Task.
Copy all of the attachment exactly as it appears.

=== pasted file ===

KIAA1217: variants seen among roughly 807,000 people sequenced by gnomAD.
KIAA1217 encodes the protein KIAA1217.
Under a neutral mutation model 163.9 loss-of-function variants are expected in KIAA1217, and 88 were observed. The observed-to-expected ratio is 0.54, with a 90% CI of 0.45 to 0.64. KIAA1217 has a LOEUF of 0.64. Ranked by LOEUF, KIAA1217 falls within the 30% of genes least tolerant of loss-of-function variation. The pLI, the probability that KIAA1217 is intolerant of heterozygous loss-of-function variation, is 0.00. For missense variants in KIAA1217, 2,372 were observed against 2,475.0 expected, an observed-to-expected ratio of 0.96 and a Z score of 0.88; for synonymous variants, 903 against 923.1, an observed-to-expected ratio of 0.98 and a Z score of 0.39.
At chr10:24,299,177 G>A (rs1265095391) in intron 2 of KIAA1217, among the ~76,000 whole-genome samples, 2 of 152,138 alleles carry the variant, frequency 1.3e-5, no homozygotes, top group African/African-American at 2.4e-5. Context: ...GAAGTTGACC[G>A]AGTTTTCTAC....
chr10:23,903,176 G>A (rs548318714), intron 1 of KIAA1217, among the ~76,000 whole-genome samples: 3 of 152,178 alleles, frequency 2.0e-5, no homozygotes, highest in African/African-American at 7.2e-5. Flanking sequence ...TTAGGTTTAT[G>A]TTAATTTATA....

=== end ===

KIAA1217: variants seen among roughly 807,000 people sequenced by gnomAD.
KIAA1217 encodes the protein KIAA1217.
Under a neutral mutation model 163.9 loss-of-function variants are expected in KIAA1217, and 88 were observed. The observed-to-expected ratio is 0.54, with a 90% CI of 0.45 to 0.64. KIAA1217 has a LOEUF of 0.64. Ranked by LOEUF, KIAA1217 falls within the 30% of genes least tolerant of loss-of-function variation. The pLI, the probability that KIAA1217 is intolerant of heterozygous loss-of-function variation, is 0.00. For missense variants in KIAA1217, 2,372 were observed against 2,475.0 expected, an observed-to-expected ratio of 0.96 and a Z score of 0.88; for synonymous variants, 903 against 923.1, an observed-to-expected ratio of 0.98 and a Z score of 0.39.
At chr10:24,299,177 G>A (rs1265095391) in intron 2 of KIAA1217, among the ~76,000 whole-genome samples, 2 of 152,138 alleles carry the variant, frequency 1.3e-5, no homozygotes, top group African/African-American at 2.4e-5. Context: ...GAAGTTGACC[G>A]AGTTTTCTAC....
chr10:23,903,176 G>A (rs548318714), intron 1 of KIAA1217, among the ~76,000 whole-genome samples: 3 of 152,178 alleles, frequency 2.0e-5, no homozygotes, highest in African/African-American at 7.2e-5. Flanking sequence ...TTAGGTTTAT[G>A]TTAATTTATA....